Doctors don’t always agree on treatment, even in the rare event that they all have the same information at the same time. I had one internist, one infectious disease specialist, and one surgeon looking over my case. They were all kind. They were all busy. The information flows sluggishly through hospital filters, for reasons too arcane and manifold to list. So you have to ask a lot of questions. You have to remember what one doctor said and make sure your nurses and other doctors know what you know. But even then there’s miscommunication. It can’t be helped. As tired and awful as you feel, you have to be alert and sharp. If you’re lucky enough to have a loving advocate like a spouse, parent, or sibling, give that person all the information you get. People make mistakes. Even experts. It’s okay until it isn’t.
I went into the MRI machine for my leg. To cover the deafening noise of the machine, they piped pop music into my headset. I lay there and listened and tried not to move. The results of the MRI might determine if the surgeon would cut into my leg. Anxiety tightened everything to a high whine. The MRI field trip was a welcome break from the monotony of television shows watched on Netflix. I chatted with the intern who wheeled me to and from the MRI chamber. Despite everything, I made extra effort to be friendly and polite to everyone. Cracked jokes. I can do that with young women and not be creepy. Dad jokes. Most of the time I don’t know what to say to anyone.
The surgeon looked at the results a day later and said that he didn’t think surgery was necessary. You can imagine my relief. The swelling had subsided some. Despite the pain, I was improving, bit by bit. Then the infectious disease doctor came by and hinted at potential surgery again. Then the internist said the same thing. Cutting into me was back on the menu. What I didn’t know then was that they hadn’t spoken to the surgeon, so they didn’t get the memo. A fear-filled day passed. Then they all talked to each other. The infectious disease doctor thought I should have surgery, but the surgeon didn’t, so they went with the surgeon. When the person whose job it is to wield scalpels doesn’t want to cut into you, it sends a powerful message.
I felt good enough to eat a little more. I had no appetite, but I had to eat. I’d lost over twenty pounds. I’m not terribly unhappy about that, because they were pounds off my gut and face. That’s not a bad weight loss plan. To get food, your doctor assigns you a menu. For whatever reason I was assigned the Heart Healthy menu. You call the number on your menu and pick what you want for your meal. For breakfast every day I had fruit and a yogurt drink. You have to eat yogurt because the antibiotics kill the flora living in your gut and you don’t want to spend your hospital visit shitting brown water all day long into the miserable commode under the sink. I hated yogurt, so I got the yogurt drink. The drink wasn’t so bad. I also found that I don’t hate yogurt anymore. So I eat it every day now. For lunch I’d get a sandwich and the yogurt drink. For dinner, two yogurt drinks. I wasn’t hungry for anything else. Sometimes I’d get a small packet of Lorna Doone cookies that I’d eat if I wanted to celebrate something, like not having to go under the knife or being able to sleep more than 40 minutes at a time. You count your blessings.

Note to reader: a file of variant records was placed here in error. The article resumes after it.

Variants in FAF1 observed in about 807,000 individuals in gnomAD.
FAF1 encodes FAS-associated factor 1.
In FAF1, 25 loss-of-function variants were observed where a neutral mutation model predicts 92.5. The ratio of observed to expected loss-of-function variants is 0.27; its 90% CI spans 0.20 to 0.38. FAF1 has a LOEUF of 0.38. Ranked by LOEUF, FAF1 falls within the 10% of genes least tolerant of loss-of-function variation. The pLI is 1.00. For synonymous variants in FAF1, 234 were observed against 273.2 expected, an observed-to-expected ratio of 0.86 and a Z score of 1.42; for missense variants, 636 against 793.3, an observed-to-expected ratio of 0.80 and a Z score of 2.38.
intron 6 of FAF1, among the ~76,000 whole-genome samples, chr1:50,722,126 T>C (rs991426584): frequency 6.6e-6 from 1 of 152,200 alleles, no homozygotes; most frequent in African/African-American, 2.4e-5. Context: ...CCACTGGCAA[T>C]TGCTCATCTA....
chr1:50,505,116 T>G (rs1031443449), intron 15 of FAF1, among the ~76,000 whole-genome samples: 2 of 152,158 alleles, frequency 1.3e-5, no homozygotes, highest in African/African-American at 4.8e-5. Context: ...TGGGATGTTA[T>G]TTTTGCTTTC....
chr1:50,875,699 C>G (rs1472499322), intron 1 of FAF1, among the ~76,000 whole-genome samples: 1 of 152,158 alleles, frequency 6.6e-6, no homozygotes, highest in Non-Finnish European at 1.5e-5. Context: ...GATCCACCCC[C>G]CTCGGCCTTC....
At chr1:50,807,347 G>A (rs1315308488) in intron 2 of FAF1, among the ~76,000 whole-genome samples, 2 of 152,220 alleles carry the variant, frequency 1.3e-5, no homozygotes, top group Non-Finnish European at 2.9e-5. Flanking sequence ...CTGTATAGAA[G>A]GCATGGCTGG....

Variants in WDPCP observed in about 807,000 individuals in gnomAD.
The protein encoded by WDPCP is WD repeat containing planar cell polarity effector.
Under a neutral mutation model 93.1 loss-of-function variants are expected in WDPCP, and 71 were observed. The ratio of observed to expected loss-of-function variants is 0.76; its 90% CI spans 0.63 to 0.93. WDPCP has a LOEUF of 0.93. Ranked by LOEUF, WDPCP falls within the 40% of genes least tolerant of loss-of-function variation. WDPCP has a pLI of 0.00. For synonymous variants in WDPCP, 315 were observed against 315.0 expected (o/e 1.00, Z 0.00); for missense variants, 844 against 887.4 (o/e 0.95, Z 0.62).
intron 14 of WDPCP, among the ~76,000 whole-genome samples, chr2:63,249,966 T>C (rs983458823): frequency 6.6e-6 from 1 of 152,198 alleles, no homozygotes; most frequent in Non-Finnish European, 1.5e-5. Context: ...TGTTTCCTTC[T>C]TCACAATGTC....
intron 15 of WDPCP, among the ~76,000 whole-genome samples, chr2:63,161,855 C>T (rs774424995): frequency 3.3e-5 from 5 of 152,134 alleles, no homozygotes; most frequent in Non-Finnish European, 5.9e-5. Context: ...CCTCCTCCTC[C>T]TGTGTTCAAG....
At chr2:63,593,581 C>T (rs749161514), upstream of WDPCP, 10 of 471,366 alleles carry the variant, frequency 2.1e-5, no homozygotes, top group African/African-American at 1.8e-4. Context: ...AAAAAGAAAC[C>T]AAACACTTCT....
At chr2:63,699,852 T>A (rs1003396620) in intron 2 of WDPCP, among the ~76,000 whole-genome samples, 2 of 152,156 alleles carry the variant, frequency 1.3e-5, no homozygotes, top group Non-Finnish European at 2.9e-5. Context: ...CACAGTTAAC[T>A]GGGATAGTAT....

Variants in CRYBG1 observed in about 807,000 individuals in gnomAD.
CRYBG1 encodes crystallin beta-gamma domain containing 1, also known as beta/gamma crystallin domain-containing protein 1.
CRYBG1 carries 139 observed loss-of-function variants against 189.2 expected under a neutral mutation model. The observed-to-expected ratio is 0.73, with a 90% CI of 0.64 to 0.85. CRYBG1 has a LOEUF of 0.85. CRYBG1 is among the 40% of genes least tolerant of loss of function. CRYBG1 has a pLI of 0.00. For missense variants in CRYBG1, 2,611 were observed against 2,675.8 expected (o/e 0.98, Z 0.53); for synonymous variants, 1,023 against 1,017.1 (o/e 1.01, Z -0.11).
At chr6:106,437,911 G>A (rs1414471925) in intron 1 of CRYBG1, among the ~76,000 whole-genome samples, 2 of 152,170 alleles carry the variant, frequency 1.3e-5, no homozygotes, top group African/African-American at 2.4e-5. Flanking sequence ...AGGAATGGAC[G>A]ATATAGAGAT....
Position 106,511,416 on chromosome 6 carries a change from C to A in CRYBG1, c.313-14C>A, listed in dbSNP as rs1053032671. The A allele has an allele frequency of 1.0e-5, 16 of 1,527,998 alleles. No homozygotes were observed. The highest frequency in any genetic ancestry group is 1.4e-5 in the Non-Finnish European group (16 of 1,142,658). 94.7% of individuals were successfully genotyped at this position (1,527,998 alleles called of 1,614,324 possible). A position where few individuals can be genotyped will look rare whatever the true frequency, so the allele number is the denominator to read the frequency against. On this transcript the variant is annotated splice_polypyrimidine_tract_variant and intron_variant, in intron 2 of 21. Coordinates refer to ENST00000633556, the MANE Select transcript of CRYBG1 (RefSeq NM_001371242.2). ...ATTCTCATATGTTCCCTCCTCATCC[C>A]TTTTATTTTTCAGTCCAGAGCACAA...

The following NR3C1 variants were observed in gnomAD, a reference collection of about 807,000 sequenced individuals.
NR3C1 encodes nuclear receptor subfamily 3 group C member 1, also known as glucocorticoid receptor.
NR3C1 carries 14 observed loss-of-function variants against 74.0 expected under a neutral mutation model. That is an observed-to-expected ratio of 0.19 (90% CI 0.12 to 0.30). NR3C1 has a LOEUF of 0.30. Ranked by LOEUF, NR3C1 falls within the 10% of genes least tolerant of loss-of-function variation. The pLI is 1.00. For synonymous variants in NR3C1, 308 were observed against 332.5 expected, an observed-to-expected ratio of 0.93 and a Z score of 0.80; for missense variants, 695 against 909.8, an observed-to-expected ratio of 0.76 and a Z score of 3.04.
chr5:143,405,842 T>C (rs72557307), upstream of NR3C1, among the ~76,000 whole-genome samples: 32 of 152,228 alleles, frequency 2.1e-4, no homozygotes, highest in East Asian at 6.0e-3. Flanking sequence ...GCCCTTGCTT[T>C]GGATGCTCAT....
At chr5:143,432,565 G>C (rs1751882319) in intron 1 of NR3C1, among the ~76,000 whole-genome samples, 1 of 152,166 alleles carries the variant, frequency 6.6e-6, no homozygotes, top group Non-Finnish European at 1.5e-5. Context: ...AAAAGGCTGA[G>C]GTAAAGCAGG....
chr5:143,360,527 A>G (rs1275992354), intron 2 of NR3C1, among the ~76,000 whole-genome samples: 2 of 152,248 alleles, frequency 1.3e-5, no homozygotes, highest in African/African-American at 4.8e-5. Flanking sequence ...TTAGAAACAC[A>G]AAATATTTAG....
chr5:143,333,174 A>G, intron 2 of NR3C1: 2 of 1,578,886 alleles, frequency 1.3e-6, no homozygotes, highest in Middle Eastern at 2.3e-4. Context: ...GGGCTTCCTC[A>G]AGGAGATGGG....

Every morning around 3:00 someone would come in to take blood from me. A couple of times it was the same phlebotomist with an Eastern European accent, which tickled me to no end. At least she didn’t bite my neck. Eventually they got enough of my blood to narrow down the infection and give me more specific antibiotics. Now the question was: when would I leave? I’d been here for the best part of a week. One day they told me I’d be out by Friday. The next day they told me it might not be until Monday. I was reaching the end of my rope. I had to get out of there.
On Thursday they told me I was getting out the next day. I’d have to have a nurse come to my home a few days a week to change my bandages, but that was okay. That was…heaven. A final night, with more blood draws, blood pressure checks, stomach injections, and IV changes. My wife came by the next morning and waited with me. She’ll never know how much better she made me feel, just being there. I think they were probably sending me home because they’d done a bed count and had to close my ward anyway for lack of patients. Getting me out of their hair.
When I got home Friday I took a look at myself in the mirror and didn’t recognize the gaunt, hollow-eyed face staring back at me. He looked exhausted, with a head of thinning hair and a full beard. Who the hell was that? I’d shrunk. At least I was home. The worst part was over.
Later that day my wife went shopping and bought me a box of Lorna Doone cookies because I’d liked them in the hospital. I couldn’t help but laugh.